• Jane, Thanks very much, John, I've been speaking with the former health Secretary Jeremy Hunt.

  • He's now the chairman of the Commons Health Select Committee, began by asking him in light of the prime minister's comments about families facing the loss of loved ones.

  • What sort of numbers could we be facing?

  • Well, I think it is a deeply concerning moment on DDE.

  • If you look at the modeling that the chief medical officer believes we will be lucky to have less than 5% of the population getting the virus, that would suggest mortality rate four or five times the annual average for winter flu on dhe.

  • If you look at what happens in other countries, this can often be in the most terrible circumstances.

  • So this is very sobering.

  • But I think the encouraging news from today is that we believe that we are four weeks behind Italy on DDE.

  • That is, I think, thanks to heroic efforts to contact trace people who have had the virus may have the virus on, I think we probably dunmore than any other European country.

  • To do that with sobering news is that maybe up to 10,000 people have got the virus as we speak in this country on, that suggests that we are in a very serious emergency now.

  • Although they are small countries, Denmark and island have both effectively moved to a stop all mass gatherings.

  • Schooling.

  • Everything has been has been closed.

  • Shouldn't that be the measure here?

  • While many people will be surprised and concerned that we're not moving sooner and the reason is because Are you surprised?

  • Yes, I am on.

  • The reason is because one thing we do have now is evidence off countries that appear to have been strikingly successful in turning back the tide of the virus.

  • Thailand, for example, the first country out outside China to get the virus only 59 reported cases.

  • Taiwan right next door, Any 49 cases, the places that have succeeded are the ones that moved earliest to social distancing, that the business of trying to keep the most vulnerable people away from places where they could catch the virus.

  • And so I think people will be concerned that we're not moving sooner to MME.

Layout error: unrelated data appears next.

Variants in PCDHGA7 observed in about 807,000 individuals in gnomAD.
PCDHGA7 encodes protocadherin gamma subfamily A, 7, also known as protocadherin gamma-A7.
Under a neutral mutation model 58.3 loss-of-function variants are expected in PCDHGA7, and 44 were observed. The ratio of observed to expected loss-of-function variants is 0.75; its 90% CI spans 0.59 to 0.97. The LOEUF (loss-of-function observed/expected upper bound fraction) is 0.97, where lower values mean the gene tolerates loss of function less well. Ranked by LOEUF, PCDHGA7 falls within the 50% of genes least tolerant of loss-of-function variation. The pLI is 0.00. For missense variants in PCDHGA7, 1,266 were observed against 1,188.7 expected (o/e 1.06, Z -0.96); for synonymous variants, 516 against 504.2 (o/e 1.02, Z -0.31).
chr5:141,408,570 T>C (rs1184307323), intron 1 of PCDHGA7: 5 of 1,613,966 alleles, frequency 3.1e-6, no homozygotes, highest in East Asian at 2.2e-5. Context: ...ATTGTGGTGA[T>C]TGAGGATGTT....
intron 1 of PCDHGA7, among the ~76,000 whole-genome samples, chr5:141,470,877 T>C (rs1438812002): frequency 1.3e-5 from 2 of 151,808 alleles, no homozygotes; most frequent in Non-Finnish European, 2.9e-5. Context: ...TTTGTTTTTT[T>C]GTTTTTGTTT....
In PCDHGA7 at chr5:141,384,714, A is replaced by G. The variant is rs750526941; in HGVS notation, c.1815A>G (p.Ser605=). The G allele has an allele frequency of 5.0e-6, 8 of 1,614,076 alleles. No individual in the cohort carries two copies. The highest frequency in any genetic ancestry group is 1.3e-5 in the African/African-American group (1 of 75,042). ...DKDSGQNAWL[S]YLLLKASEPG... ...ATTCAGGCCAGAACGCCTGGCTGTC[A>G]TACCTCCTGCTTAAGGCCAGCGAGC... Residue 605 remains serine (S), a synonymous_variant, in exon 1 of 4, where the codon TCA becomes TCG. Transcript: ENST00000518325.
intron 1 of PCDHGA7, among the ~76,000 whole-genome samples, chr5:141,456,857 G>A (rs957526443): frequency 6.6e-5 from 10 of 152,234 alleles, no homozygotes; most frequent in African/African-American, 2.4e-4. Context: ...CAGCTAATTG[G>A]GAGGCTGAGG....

• Or social distancing, for example, banning external visits to care homes, things like that.

  • You believe.

  • Actually we should be moving much faster and we should be taking much more drastic measures.

  • But I am concerned because we've got four weeks with four weeks behind Italy on DDE.

  • What we do every single day of those four weeks is absolutely critical.

  • I don't want to second guess theat vice that scientists are giving, but I would like to see what the modeling is from the behavioral scientists that says, That's, uh, you know, we could go to early with some of these measures because I think most people's priority is their elderly loved ones who are most vulnerable, perhaps 89% mortality rates if they get the virus on to do everything possible to make sure that they don't get the virus.

  • But then, if I put you back into your old position, has Secretary of State for Health would you be looking at the health service saying Yes, I wish we could do this, but actually, in order to bring the health service up to a scale in which it can cope at all, we must not take thes drastic measures.

  • Well, the point of taking drastic measures is to slow the onslaught on the N hs.

  • So 5% of the population get the virus, and 5% of those people need an intensive care bed.

  • That's over 100 and 50,000 people who will need intensive care and we only have 4000 beds.

  • So this phrase flattening the curve is incredibly important to delay the moment that it hits the N.

  • H s to give the N.

  • H s more time to very short questions.

  • Jeremy, how the optimist where we will be in four weeks, Jeremy Hunt, the pessimist where we would be in four weeks.

  • Well, I'm still optimistic that we can head off what's happening, Those horrific scenes that we're seeing in Italy because I think the N h s is very good at dealing with these emergencies.

  • And I think we have four weeks and we have a lot more knowledge than the Italian authorities had four weeks ago.

  • And the pessimist, the pessimist says to me that it is going to be very, very challenging to find enough intensive care beds in whether it's the N h.

  • S or any other system.

  • And so we we really need to use every hour we have over the next few weeks wisely to make those preparations on what would your message to the N.

  • H.

  • S stuff that you used to interact with him and run?

  • They are absolutely amazing on dhe.

  • You know, we know we can count on them on.

  • We know we need to do everything possible to spread the pressure that is coming down the track so that it doesn't all come in a very concentrated period.

  • Which means that doctors have to play God and and decide who gets to live and who gets to die.

  • That's the biggest nightmare for any doctor on when we want to try and avoid that as much as possible.

  • Jeremy Hunt Thank you very much indeed for joining us.

  • Thank you.

  • Joining me now is Saffron Corddry of the n hs providers on Dr Jenny, born from the Doctor's Association, who's been caring for acutely ill patients this week.